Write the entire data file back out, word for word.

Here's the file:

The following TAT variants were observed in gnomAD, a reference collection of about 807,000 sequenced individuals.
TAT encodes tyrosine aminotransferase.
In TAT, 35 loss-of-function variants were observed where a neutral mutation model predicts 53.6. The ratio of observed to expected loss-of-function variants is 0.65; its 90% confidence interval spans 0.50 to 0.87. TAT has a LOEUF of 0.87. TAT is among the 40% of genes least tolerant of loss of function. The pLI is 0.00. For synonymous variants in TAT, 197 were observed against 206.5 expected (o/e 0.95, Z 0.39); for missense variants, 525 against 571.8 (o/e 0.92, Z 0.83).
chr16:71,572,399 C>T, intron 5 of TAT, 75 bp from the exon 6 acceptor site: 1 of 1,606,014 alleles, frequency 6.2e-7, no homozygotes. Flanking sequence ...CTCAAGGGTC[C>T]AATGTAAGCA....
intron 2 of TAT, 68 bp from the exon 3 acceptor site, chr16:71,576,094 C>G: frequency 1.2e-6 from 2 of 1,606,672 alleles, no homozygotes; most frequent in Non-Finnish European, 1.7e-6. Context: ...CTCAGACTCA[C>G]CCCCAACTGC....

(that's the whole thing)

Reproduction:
The following TAT variants were observed in gnomAD, a reference collection of about 807,000 sequenced individuals.
TAT encodes tyrosine aminotransferase.
In TAT, 35 loss-of-function variants were observed where a neutral mutation model predicts 53.6. The ratio of observed to expected loss-of-function variants is 0.65; its 90% confidence interval spans 0.50 to 0.87. TAT has a LOEUF of 0.87. TAT is among the 40% of genes least tolerant of loss of function. The pLI is 0.00. For synonymous variants in TAT, 197 were observed against 206.5 expected (o/e 0.95, Z 0.39); for missense variants, 525 against 571.8 (o/e 0.92, Z 0.83).
chr16:71,572,399 C>T, intron 5 of TAT, 75 bp from the exon 6 acceptor site: 1 of 1,606,014 alleles, frequency 6.2e-7, no homozygotes. Flanking sequence ...CTCAAGGGTC[C>T]AATGTAAGCA....
intron 2 of TAT, 68 bp from the exon 3 acceptor site, chr16:71,576,094 C>G: frequency 1.2e-6 from 2 of 1,606,672 alleles, no homozygotes; most frequent in Non-Finnish European, 1.7e-6. Context: ...CTCAGACTCA[C>G]CCCCAACTGC....